As I have learned over the years to expect the worst from Ryanair, I have to say I'm just a tiny bit cynical. Is this a rather forward thinking attempt by Ryanair to stave off more expensive claims from what was almost a full flight? And since money has now been paid back, I assume that would negate any further pursuance of a claim? I don't wish to sound money grabbing at all, because I'm honestly very surprised and grateful for the £10.50 (Honestly! Felt like printing the email out and framing it lol) but just wondered what to make of it and if anyone else has had a similar experience?

    Good luck to all pursuing claims for more than a wee delay and a few sandwiches! Just thankful it was the second hop of our trip and not the first, which would have scuppered everything entirely and then I would be out for a grumble!

    Thanks for reading!
  • edited 5 November 2013 at 3:04PM
    blondmarkblondmark Forumite
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    edited 5 November 2013 at 3:04PM
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  • edited 5 November 2013 at 3:04PM
    blondmarkblondmark Forumite
    456 Posts
    edited 5 November 2013 at 3:04PM
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  • Mark2sparkMark2spark Forumite
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    Well, 'care' kicks in after 2 hours, and seeing as Ryanair have been charging a levy for this for a few years now I suppose they thought they would pre -empt things. They might be under investigation for not providing care by the Irish NEB I suppose.
  • edited 31 July 2013 at 9:03PM
    Granny_TGranny_T Forumite
    2 Posts
    edited 31 July 2013 at 9:03PM
    Hi blondmark and Mark2spark
    Thanks to you both for your replies.
    blondmark: I wasn't sure if it was one of those "keep them happy before they complain" payments or if accepting any sort of reimbursement meant that essentially I'd settled. Kinda interesting!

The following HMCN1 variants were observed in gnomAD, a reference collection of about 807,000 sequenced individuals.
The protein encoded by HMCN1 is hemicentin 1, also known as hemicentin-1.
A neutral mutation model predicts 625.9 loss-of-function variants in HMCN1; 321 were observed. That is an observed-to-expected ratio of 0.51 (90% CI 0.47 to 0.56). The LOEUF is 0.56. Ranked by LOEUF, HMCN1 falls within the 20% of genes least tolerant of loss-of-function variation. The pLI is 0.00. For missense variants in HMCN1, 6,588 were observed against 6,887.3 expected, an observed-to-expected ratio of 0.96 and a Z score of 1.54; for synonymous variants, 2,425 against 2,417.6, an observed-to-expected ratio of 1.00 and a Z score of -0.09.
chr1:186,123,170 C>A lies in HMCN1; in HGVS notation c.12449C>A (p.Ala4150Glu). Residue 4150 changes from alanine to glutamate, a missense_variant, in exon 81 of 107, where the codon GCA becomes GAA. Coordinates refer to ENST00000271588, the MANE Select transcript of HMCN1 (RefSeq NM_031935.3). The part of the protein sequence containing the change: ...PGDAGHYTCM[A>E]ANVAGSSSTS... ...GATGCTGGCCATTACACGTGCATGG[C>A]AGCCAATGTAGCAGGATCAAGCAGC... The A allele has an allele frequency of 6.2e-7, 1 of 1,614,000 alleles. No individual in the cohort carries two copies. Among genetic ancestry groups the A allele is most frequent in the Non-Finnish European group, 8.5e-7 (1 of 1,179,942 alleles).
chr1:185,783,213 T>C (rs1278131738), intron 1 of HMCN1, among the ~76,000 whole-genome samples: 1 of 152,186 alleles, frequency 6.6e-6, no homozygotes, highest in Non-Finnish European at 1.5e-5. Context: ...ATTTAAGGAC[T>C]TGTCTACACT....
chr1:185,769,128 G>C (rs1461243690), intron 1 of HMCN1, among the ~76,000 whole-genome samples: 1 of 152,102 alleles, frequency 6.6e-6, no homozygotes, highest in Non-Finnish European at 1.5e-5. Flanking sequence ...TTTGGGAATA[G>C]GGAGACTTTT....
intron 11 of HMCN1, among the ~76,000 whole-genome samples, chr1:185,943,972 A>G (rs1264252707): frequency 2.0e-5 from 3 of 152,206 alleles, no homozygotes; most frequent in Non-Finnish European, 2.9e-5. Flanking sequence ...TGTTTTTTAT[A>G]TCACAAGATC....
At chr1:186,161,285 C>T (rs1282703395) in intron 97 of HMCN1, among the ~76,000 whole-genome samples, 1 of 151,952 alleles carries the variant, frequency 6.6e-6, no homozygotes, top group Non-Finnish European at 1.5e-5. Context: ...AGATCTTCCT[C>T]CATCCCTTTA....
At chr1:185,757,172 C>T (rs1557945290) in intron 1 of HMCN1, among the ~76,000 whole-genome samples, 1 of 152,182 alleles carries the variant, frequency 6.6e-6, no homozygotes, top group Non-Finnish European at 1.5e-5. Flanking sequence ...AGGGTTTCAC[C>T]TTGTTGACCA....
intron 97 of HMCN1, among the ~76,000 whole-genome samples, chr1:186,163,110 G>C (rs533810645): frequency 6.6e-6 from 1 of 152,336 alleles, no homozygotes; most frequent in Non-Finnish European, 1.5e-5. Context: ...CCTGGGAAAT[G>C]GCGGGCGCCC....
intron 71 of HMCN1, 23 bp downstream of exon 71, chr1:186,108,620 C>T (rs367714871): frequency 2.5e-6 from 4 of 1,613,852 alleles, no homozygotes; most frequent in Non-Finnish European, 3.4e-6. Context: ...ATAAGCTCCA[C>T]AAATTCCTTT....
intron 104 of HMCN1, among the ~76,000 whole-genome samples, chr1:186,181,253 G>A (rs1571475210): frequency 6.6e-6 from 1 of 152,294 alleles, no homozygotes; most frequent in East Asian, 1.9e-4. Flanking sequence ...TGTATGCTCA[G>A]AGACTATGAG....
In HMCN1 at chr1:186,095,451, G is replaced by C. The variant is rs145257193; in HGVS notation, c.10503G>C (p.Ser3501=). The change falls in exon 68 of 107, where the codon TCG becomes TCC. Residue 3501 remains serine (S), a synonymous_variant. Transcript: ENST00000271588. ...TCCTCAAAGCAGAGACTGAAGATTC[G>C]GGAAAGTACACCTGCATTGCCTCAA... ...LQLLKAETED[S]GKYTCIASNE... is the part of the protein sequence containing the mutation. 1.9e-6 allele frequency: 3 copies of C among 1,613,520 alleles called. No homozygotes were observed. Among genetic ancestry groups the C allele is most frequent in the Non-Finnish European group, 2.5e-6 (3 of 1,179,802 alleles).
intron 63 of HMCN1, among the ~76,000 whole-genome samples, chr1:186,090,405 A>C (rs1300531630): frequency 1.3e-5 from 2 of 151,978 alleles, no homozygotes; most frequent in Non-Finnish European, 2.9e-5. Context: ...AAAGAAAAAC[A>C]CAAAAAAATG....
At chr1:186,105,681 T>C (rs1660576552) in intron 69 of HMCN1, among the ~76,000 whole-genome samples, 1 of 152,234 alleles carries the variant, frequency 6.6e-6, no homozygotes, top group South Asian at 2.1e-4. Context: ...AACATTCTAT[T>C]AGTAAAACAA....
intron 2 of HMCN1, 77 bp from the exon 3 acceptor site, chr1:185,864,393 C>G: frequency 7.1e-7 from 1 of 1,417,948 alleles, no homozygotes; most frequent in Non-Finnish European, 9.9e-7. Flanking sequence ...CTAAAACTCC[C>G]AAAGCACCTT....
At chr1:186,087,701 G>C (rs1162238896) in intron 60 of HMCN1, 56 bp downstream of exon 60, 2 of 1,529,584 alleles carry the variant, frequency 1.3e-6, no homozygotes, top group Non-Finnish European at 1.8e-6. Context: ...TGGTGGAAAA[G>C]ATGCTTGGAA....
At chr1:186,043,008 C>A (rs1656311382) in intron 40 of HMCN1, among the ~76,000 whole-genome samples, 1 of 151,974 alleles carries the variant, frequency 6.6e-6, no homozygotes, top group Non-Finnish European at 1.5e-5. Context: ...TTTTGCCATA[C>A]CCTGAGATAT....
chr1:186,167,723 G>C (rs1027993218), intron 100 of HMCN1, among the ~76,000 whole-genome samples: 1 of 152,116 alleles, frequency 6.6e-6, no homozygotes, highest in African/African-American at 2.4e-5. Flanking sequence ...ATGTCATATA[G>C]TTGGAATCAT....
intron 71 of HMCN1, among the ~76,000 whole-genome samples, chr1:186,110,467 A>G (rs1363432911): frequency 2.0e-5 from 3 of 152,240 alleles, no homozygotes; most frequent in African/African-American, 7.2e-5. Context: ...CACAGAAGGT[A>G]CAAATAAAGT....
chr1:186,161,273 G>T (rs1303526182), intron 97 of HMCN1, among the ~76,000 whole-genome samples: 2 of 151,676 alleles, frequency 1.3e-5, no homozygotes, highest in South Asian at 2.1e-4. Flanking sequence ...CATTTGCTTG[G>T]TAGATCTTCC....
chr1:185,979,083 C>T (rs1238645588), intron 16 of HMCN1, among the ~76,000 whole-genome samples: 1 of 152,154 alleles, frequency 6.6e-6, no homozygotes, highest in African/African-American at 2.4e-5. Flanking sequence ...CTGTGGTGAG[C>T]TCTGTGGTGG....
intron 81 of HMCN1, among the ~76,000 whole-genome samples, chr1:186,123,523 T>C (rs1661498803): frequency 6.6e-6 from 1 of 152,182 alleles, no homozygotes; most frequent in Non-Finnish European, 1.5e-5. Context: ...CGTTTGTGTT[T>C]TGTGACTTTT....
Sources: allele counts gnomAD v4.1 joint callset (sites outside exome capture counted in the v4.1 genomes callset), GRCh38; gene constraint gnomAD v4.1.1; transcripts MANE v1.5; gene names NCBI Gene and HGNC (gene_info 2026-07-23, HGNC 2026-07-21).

Mark2spark: Now that you mention the care thing, that puts the email into context. Ryanair staff on the day had mentioned that we would get vouchers for food etc. but those never materialised. To be honest, they were so busy herding us around Liverpool airport I'm not surprised they didn't have a chance! Essentially then the email would refer to the food vouchers but means a wee go at the daunting world of claims wouldn't be out of the question, as blondmark has said.

    Time for a wee research and think - forms aren't my forte! :)
  • Hi

    We had a lovely week in France in 2008. However, on our return flight the Ryanair plane landed at Carcassonne Airport, taxied to the airport and then hit it (the airport!) with its wing.

    Numerous engineers came out to look at it, pictures were sent back to UK etc, eventually another plane sent from UK and picked us up and flew us back to Stanstead.

    Around 12hr delay. Can see this info on Flight Status website.

    is it worth claiming on this?

    or does this fall into the exception circumstances beyond it's control? :D

    thanks
  • romanby1romanby1 Forumite
    294 Posts
    Hi

    We had a lovely week in France in 2008. However, on our return flight the Ryanair plane landed at Carcassonne Airport, taxied to the airport and then hit it (the airport!) with its wing.

    Numerous engineers came out to look at it, pictures were sent back to UK etc, eventually another plane sent from UK and picked us up and flew us back to Stanstead.

    Around 12hr delay. Can see this info on Flight Status website.

    is it worth claiming on this?

    or does this fall into the exception circumstances beyond it's control? :D

    thanks
    Most definitely YES claim.
    It may be an Exceptional Circumstance but not where EC 261/2004 is concerned a big NO.
    Pilots are not supposed to taxi into airport buildings.
    Tell them to claim on their pilots Comprehensive insurance policy.
    Send Ryanair a NBA letter stating that facts and you will issue proceedings if the do not give a satisfactory response within 14 or 21 days.